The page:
Finally, I had one woman who claimed she was absolutely "horrified" that we didn't stock a particular Bernard Cornwell novel. "Horrified". Some people are horrified by the genocides in Rwanda, some by Israel's encroachment into the Gaza Strip. Not her. She was "horrified", because we didn't have a copy of Sharpe's Revenge.
iii) The Very Specific/Very Vague Customer
Some customers are completely clueless and assume you have the power of all literature at your very hands.
The Very Specific customer thinks that if they can even conceive of a book, then that very thought is enough to bring that very book into existence. And I'm the poor sod who is expected to know where to find it, regardless of whether or not it actually exists.
One customer said: "I'd like a book about China. I want it to have photos. I want it to have some writing about this particular subject. I don't want it be a travel book. I want it to be this big and cost this much"
Me: Sorry - does this book exist?
Customer: Don't know.
Another customer asked "Have you got any books on volcanoes for children?". When I searched the computer I discovered that, not only was there a book explaining how volcanoes worked, but that she actually had the copy in her hand.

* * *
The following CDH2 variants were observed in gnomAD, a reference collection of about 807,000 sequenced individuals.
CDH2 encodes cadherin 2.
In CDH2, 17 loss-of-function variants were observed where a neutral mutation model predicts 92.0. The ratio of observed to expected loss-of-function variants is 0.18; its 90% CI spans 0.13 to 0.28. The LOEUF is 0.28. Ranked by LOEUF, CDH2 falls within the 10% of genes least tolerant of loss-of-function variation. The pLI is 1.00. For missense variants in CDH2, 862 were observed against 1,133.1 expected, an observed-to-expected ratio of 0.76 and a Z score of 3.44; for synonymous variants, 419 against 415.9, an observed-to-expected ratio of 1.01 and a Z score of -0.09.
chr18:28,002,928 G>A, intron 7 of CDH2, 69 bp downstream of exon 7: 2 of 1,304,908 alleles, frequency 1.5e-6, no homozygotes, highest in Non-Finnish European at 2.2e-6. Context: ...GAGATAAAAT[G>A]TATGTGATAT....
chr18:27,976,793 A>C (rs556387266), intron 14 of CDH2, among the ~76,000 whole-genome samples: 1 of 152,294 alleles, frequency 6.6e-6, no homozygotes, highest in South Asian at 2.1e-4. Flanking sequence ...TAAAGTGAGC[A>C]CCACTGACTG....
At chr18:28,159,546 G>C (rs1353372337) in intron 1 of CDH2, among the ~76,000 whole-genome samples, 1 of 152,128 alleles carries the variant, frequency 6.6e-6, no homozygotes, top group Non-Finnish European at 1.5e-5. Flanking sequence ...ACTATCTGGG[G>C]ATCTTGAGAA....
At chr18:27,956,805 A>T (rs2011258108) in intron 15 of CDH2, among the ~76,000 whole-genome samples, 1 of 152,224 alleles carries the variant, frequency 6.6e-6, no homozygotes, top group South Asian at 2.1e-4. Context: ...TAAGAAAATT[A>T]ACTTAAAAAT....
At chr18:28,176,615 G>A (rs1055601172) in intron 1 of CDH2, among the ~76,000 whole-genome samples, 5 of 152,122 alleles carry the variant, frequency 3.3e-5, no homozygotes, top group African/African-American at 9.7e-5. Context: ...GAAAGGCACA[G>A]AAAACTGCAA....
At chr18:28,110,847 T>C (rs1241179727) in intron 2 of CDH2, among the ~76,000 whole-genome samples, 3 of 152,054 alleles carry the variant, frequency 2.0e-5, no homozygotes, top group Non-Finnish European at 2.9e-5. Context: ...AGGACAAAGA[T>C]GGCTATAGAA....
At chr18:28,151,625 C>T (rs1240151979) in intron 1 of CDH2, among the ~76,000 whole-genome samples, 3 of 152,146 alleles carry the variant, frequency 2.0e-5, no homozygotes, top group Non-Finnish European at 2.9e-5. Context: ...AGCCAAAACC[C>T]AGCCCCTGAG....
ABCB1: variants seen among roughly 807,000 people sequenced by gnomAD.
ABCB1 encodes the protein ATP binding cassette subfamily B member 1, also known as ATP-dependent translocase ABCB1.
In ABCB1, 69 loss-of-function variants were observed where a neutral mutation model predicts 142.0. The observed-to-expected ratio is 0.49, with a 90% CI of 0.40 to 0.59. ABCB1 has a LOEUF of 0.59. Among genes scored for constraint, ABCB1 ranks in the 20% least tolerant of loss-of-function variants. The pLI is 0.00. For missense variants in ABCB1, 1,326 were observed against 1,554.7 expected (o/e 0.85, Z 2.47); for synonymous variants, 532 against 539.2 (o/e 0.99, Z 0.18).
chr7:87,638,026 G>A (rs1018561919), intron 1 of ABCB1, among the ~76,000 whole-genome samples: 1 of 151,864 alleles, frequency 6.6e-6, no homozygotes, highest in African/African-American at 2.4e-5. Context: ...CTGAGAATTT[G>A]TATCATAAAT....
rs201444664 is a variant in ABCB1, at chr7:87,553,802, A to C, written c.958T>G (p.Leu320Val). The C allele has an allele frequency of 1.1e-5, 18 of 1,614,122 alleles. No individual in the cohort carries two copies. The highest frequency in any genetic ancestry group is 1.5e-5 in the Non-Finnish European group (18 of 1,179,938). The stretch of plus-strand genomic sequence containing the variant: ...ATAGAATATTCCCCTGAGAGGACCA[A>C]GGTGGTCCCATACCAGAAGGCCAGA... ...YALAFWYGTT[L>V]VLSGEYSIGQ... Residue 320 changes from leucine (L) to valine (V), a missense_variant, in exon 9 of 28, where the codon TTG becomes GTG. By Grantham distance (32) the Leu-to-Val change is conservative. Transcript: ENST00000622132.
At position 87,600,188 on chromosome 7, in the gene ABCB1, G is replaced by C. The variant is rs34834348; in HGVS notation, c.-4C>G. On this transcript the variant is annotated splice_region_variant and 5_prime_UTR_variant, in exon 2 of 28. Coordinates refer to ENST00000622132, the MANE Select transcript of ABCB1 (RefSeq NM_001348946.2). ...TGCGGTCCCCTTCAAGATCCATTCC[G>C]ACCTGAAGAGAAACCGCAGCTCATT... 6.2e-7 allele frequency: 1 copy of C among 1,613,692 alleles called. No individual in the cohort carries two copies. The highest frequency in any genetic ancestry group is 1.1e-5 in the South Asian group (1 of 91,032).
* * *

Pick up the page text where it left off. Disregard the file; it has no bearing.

"Ah yes" she responded "...but this is for 10-12 years old. I wondered if you had one ages 7-9"
I also had a woman ask for a book on "how to draw cats". Pure Little Britain. Margaret?!
Then, sadly, there's the Very Vague Customer. This is genuine:
Customer: "I've seen a book in the paper. I don't know the title or the author."
Me: Well, we have 200,000 books here. Without the title or the author, we don't really have anything to go on.....
Customer: But it's in the paper........
Amazing - if they've seen the book in the paper, why the hell didn't they take note of the author and the title. What did she think was going to happen? "I've seen a book in the paper. I don't know the title or the author." Me (grabbing the first book to hand): Is it this one? Yes that's it! Well done.
I must point out that the vast majority of customers are sound. Polite, courteous, friendly and patient. But what frustrates me is the perceived relationship between the customer and the retailer. Frankly, the customer is not "always right". In fact, not only is the customer often bang wrong , but also deserving of a slap. This of course is generally considered to be not conducive to trade, however.
Next time you're in a shop, remember to be reasonable and polite to the staff. It could be someone just like me.
Unless, of course, they've really, really ballsed up. Then let 'em have it.